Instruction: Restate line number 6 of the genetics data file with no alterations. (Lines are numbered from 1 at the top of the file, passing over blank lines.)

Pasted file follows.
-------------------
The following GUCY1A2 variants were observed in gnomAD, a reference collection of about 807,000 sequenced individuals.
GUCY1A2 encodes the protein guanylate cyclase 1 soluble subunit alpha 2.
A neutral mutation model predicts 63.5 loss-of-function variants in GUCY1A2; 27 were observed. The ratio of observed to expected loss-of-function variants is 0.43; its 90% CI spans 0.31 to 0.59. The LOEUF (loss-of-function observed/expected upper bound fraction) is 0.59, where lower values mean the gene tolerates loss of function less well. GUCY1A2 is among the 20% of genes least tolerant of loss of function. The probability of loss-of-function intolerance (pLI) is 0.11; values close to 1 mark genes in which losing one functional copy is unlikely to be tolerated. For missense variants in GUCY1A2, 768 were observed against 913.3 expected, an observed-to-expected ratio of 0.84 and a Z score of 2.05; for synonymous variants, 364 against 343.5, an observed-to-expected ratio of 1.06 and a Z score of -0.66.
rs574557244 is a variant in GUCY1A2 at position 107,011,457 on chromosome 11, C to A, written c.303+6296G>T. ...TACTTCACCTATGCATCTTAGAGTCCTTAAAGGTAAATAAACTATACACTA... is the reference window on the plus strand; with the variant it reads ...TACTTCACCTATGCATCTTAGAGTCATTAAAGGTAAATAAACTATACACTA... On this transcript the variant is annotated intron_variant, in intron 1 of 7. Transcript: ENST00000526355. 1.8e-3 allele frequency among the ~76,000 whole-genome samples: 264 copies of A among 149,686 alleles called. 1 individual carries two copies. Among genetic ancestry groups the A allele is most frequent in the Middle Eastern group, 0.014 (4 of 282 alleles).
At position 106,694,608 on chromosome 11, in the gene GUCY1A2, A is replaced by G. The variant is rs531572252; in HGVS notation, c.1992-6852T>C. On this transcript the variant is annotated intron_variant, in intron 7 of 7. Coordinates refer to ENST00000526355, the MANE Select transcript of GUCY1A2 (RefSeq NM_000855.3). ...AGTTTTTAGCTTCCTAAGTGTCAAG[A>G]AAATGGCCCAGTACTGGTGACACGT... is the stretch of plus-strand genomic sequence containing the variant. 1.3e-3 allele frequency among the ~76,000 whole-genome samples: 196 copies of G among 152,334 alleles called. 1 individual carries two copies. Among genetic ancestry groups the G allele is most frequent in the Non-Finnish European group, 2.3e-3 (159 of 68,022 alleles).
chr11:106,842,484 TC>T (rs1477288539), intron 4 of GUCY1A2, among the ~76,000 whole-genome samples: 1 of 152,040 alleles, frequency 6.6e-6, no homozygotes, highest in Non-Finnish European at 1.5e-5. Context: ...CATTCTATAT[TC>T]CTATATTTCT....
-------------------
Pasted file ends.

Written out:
chr11:106,842,484 TC>T (rs1477288539), intron 4 of GUCY1A2, among the ~76,000 whole-genome samples: 1 of 152,040 alleles, frequency 6.6e-6, no homozygotes, highest in Non-Finnish European at 1.5e-5. Context: ...CATTCTATAT[TC>T]CTATATTTCT....